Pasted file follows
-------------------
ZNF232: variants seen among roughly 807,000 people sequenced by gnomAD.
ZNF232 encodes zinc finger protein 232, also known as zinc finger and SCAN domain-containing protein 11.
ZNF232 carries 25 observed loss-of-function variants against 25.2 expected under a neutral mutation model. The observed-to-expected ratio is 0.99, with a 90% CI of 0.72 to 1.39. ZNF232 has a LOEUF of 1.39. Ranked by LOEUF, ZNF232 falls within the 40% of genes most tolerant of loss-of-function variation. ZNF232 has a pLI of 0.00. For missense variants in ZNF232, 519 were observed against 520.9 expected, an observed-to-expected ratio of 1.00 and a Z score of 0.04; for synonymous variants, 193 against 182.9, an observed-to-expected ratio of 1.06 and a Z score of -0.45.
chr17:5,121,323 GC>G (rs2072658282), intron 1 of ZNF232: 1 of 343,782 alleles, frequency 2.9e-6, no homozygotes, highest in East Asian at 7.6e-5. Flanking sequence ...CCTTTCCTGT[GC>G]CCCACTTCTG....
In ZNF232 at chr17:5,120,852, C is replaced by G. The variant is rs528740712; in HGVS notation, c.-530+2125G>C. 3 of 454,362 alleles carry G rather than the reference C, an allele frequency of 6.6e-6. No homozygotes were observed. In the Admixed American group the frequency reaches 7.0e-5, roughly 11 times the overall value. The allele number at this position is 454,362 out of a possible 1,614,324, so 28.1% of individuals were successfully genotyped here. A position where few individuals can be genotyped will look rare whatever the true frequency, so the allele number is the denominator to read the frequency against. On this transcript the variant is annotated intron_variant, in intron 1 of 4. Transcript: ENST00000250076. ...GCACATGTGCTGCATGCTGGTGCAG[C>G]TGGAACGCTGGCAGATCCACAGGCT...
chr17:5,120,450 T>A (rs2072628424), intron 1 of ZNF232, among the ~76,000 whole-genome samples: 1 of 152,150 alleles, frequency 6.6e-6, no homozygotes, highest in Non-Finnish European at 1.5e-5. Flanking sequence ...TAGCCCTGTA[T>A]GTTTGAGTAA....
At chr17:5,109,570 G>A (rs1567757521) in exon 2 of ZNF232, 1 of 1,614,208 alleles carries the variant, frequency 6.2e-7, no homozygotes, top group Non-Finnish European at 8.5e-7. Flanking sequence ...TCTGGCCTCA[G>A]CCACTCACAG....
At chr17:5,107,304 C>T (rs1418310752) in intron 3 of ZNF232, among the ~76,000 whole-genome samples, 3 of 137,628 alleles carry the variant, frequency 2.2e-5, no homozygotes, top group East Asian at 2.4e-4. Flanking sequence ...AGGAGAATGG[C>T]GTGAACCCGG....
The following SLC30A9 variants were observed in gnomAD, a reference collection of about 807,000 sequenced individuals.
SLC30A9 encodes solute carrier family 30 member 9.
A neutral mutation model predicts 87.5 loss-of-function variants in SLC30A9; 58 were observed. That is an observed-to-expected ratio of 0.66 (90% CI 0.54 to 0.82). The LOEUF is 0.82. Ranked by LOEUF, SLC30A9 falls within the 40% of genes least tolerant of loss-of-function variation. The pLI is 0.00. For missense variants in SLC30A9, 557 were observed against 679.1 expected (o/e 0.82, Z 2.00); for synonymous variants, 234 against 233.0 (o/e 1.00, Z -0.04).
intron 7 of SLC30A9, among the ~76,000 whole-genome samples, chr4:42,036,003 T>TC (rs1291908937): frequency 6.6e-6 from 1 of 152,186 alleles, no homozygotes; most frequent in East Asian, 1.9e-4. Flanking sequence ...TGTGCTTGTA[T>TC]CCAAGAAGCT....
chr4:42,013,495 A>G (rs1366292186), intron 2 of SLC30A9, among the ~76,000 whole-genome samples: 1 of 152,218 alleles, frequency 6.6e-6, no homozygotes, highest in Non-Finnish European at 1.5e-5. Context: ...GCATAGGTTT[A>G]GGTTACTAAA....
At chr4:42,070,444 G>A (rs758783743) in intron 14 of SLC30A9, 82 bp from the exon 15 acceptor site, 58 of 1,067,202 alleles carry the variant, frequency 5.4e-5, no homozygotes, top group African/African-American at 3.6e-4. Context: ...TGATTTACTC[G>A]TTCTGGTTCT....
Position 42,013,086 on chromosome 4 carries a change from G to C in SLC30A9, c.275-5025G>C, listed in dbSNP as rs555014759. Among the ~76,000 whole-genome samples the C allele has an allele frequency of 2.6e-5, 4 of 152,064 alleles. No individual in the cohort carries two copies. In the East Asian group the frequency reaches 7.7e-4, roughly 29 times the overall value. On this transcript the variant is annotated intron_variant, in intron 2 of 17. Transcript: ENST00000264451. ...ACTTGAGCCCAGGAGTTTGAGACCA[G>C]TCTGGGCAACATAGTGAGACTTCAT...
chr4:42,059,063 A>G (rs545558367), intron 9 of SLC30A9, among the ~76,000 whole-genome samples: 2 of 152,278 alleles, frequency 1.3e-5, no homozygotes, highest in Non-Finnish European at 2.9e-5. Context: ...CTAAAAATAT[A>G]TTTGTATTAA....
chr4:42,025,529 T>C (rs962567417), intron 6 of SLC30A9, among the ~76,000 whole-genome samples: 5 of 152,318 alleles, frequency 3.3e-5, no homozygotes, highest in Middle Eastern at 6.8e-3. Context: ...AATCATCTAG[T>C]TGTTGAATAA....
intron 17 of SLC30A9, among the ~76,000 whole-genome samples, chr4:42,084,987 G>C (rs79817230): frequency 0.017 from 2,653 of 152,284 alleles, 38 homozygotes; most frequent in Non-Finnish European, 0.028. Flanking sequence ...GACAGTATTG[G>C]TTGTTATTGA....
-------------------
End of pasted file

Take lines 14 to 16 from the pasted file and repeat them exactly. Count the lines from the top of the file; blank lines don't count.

At chr4:42,070,444 G>A (rs758783743) in intron 14 of SLC30A9, 82 bp from the exon 15 acceptor site, 58 of 1,067,202 alleles carry the variant, frequency 5.4e-5, no homozygotes, top group African/African-American at 3.6e-4. Context: ...TGATTTACTC[G>A]TTCTGGTTCT....
Position 42,013,086 on chromosome 4 carries a change from G to C in SLC30A9, c.275-5025G>C, listed in dbSNP as rs555014759. Among the ~76,000 whole-genome samples the C allele has an allele frequency of 2.6e-5, 4 of 152,064 alleles. No individual in the cohort carries two copies. In the East Asian group the frequency reaches 7.7e-4, roughly 29 times the overall value. On this transcript the variant is annotated intron_variant, in intron 2 of 17. Transcript: ENST00000264451. ...ACTTGAGCCCAGGAGTTTGAGACCA[G>C]TCTGGGCAACATAGTGAGACTTCAT...
chr4:42,059,063 A>G (rs545558367), intron 9 of SLC30A9, among the ~76,000 whole-genome samples: 2 of 152,278 alleles, frequency 1.3e-5, no homozygotes, highest in Non-Finnish European at 2.9e-5. Context: ...CTAAAAATAT[A>G]TTTGTATTAA....